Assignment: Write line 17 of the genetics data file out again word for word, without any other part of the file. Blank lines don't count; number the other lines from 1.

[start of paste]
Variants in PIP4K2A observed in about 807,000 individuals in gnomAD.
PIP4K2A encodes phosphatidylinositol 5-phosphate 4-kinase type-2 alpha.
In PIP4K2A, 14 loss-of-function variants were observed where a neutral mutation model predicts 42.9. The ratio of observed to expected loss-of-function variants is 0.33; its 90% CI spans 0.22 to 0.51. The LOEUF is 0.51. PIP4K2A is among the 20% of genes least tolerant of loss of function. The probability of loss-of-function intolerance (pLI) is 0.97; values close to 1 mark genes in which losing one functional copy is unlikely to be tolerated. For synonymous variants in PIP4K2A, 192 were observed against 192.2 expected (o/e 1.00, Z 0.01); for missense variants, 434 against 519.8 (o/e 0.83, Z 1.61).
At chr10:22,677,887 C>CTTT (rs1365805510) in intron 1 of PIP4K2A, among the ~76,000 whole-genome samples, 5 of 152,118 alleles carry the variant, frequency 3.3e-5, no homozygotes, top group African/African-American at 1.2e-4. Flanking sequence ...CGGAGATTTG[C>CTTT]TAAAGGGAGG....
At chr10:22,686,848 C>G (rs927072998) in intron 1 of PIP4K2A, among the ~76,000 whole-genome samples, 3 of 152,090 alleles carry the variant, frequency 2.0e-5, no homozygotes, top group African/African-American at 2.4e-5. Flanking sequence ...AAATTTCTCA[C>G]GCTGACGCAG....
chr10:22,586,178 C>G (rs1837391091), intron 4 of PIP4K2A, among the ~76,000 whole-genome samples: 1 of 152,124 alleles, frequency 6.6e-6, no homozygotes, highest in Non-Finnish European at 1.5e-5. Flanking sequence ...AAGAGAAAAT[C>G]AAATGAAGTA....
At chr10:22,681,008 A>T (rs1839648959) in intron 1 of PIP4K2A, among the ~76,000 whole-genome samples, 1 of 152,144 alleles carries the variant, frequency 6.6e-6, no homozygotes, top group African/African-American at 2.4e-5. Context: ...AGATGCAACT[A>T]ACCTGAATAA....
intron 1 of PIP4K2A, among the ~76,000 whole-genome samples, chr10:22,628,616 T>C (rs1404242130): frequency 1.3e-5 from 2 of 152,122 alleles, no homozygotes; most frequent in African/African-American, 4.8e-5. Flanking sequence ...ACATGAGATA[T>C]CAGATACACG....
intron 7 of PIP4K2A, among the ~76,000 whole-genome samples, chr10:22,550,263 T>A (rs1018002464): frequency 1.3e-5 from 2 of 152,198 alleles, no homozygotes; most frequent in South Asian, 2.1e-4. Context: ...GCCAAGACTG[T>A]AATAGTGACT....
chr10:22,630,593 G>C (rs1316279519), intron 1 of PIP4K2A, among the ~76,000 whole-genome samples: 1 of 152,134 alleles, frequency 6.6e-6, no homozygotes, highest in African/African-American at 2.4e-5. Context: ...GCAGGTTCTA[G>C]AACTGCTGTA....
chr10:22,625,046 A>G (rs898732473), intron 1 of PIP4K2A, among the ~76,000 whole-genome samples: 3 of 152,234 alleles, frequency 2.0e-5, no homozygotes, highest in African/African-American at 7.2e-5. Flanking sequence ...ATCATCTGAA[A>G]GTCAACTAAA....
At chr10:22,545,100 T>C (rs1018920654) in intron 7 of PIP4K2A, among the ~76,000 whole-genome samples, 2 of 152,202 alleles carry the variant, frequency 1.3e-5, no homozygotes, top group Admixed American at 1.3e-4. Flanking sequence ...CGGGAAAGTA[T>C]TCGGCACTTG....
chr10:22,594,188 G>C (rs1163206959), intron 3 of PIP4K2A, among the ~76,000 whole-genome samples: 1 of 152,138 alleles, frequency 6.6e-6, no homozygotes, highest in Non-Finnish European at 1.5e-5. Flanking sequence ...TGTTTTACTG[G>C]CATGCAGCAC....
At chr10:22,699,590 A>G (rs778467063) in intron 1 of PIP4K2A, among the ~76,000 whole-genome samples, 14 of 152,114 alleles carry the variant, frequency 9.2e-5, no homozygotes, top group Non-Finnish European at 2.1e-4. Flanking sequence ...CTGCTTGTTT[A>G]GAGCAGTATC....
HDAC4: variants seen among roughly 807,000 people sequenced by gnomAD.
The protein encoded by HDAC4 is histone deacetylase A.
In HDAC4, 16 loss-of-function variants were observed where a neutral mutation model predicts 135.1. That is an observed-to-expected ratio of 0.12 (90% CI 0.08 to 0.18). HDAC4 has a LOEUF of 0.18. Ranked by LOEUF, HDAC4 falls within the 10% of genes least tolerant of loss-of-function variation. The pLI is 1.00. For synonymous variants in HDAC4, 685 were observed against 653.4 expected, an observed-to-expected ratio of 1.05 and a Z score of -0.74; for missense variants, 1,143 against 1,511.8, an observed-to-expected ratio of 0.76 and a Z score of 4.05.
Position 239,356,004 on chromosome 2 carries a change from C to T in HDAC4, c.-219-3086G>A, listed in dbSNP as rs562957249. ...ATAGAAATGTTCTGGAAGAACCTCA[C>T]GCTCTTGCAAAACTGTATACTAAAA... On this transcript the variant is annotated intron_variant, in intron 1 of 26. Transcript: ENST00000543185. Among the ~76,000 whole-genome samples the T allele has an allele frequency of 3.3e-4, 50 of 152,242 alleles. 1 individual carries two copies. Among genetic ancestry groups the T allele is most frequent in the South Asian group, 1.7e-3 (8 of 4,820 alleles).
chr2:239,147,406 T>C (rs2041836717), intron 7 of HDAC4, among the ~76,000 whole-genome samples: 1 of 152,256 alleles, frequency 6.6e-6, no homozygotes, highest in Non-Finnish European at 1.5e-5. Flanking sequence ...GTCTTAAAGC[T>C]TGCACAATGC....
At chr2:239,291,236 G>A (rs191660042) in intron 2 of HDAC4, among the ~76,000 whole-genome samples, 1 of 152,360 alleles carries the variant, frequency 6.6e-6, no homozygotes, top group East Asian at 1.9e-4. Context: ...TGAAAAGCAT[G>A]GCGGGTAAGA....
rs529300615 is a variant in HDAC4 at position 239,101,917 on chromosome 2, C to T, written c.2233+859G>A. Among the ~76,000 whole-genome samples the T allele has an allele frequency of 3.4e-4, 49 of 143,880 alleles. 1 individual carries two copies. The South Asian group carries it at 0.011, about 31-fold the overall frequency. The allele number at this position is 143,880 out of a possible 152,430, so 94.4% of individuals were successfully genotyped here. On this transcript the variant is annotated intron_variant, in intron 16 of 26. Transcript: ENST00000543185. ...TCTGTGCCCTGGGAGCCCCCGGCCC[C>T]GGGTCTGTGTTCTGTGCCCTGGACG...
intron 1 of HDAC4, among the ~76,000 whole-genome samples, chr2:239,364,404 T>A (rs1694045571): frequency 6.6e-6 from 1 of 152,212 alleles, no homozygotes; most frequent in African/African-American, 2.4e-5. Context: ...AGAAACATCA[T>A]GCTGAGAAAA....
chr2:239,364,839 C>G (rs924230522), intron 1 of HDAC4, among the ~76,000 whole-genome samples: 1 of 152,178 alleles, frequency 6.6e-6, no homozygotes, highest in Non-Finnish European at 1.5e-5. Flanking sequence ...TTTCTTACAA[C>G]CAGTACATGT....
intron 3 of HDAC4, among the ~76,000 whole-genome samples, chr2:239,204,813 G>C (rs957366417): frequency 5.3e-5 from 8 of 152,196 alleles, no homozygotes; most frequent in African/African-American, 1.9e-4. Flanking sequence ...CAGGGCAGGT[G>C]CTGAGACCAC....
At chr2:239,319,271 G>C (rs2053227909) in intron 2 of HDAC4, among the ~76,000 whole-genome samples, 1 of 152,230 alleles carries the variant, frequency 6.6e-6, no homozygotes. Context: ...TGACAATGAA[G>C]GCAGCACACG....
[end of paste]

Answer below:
In HDAC4, 16 loss-of-function variants were observed where a neutral mutation model predicts 135.1. That is an observed-to-expected ratio of 0.12 (90% CI 0.08 to 0.18). HDAC4 has a LOEUF of 0.18. Ranked by LOEUF, HDAC4 falls within the 10% of genes least tolerant of loss-of-function variation. The pLI is 1.00. For synonymous variants in HDAC4, 685 were observed against 653.4 expected, an observed-to-expected ratio of 1.05 and a Z score of -0.74; for missense variants, 1,143 against 1,511.8, an observed-to-expected ratio of 0.76 and a Z score of 4.05.